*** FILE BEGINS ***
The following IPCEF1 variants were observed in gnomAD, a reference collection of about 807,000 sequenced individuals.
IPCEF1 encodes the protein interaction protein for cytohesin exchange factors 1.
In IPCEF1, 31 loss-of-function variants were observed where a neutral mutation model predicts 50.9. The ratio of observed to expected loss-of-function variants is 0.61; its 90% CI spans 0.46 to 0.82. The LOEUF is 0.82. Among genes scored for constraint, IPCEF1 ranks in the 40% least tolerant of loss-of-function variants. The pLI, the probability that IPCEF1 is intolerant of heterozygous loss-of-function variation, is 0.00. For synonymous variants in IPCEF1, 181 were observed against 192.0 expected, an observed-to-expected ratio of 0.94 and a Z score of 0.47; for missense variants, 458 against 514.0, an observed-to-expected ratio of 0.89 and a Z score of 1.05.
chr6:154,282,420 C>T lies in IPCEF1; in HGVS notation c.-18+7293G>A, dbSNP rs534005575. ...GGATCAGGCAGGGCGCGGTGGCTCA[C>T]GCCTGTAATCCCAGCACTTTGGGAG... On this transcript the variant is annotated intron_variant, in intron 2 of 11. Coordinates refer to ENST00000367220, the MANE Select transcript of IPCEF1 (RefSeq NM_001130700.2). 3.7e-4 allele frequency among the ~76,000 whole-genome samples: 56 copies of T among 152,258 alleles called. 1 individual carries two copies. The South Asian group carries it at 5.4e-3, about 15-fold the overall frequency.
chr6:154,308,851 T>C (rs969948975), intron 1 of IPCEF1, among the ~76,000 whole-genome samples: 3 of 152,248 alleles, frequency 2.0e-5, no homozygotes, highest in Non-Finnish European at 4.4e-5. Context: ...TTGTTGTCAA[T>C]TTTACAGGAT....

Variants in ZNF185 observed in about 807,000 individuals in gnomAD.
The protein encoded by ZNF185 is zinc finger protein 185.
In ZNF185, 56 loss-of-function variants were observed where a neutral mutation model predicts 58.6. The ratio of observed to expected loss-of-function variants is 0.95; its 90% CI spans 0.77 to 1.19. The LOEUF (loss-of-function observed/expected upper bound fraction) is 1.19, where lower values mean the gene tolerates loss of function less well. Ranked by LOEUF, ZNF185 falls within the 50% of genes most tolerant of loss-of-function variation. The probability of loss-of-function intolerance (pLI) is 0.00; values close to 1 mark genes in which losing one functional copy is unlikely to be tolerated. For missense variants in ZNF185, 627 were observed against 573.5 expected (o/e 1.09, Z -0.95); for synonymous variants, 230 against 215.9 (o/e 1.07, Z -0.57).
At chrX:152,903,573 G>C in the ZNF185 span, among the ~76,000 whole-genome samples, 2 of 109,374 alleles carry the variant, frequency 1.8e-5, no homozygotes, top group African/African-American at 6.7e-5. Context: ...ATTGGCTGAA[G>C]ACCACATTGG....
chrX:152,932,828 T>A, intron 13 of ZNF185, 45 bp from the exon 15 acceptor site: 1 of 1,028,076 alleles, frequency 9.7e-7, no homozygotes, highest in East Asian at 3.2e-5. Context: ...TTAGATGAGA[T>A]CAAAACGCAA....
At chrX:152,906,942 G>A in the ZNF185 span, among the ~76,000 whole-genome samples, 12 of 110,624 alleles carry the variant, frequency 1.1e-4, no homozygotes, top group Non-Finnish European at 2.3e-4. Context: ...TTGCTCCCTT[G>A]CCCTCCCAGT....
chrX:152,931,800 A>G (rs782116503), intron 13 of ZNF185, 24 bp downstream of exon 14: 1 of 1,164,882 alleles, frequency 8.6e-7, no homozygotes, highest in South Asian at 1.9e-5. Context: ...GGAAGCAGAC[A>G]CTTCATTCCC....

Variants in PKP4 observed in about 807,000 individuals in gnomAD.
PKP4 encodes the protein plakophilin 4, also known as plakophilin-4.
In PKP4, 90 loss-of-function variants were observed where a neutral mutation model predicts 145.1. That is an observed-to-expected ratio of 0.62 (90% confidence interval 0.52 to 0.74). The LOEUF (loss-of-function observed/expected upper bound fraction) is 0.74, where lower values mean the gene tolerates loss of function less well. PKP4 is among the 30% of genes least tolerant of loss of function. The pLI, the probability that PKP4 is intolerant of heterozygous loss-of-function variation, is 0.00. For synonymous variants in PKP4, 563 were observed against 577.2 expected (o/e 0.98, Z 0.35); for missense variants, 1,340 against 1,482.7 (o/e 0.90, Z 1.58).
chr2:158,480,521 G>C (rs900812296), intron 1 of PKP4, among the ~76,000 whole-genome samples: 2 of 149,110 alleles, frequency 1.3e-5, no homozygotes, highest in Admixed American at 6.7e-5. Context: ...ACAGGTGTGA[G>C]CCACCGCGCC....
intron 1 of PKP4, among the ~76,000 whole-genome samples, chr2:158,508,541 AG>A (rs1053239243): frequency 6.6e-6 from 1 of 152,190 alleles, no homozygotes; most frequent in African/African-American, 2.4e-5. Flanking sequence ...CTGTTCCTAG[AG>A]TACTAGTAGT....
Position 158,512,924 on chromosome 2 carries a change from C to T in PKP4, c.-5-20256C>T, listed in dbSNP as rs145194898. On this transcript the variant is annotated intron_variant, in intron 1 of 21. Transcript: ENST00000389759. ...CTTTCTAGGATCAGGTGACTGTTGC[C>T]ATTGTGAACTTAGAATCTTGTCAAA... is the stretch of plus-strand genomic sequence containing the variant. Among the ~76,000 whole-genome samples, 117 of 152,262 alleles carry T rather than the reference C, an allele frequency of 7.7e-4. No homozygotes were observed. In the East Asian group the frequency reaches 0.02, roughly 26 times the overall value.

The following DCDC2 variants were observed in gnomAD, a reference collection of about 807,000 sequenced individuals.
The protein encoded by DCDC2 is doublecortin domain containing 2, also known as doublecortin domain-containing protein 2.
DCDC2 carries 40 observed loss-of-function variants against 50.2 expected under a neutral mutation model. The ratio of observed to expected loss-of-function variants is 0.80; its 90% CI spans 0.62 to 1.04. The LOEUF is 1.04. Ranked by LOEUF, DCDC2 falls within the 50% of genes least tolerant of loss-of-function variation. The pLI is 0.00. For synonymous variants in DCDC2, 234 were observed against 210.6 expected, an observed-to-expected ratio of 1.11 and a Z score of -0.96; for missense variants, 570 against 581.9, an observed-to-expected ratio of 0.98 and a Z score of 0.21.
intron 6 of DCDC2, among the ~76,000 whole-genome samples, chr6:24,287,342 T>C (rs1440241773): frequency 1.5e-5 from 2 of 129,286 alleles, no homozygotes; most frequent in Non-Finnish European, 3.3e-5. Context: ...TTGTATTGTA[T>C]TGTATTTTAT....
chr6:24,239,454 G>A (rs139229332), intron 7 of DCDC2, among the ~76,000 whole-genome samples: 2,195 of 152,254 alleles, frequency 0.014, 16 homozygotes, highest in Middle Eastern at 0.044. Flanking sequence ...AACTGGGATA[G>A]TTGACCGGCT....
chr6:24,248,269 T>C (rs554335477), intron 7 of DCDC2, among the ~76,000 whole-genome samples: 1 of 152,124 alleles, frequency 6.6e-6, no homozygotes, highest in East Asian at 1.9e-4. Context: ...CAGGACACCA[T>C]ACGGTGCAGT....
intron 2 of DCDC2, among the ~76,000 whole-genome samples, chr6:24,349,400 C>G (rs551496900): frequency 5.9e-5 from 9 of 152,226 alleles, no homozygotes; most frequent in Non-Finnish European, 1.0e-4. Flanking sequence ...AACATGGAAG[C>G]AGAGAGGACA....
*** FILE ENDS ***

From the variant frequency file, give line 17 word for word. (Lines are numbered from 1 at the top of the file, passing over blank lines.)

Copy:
intron 1 of PKP4, among the ~76,000 whole-genome samples, chr2:158,508,541 AG>A (rs1053239243): frequency 6.6e-6 from 1 of 152,190 alleles, no homozygotes; most frequent in African/African-American, 2.4e-5. Flanking sequence ...CTGTTCCTAG[AG>A]TACTAGTAGT....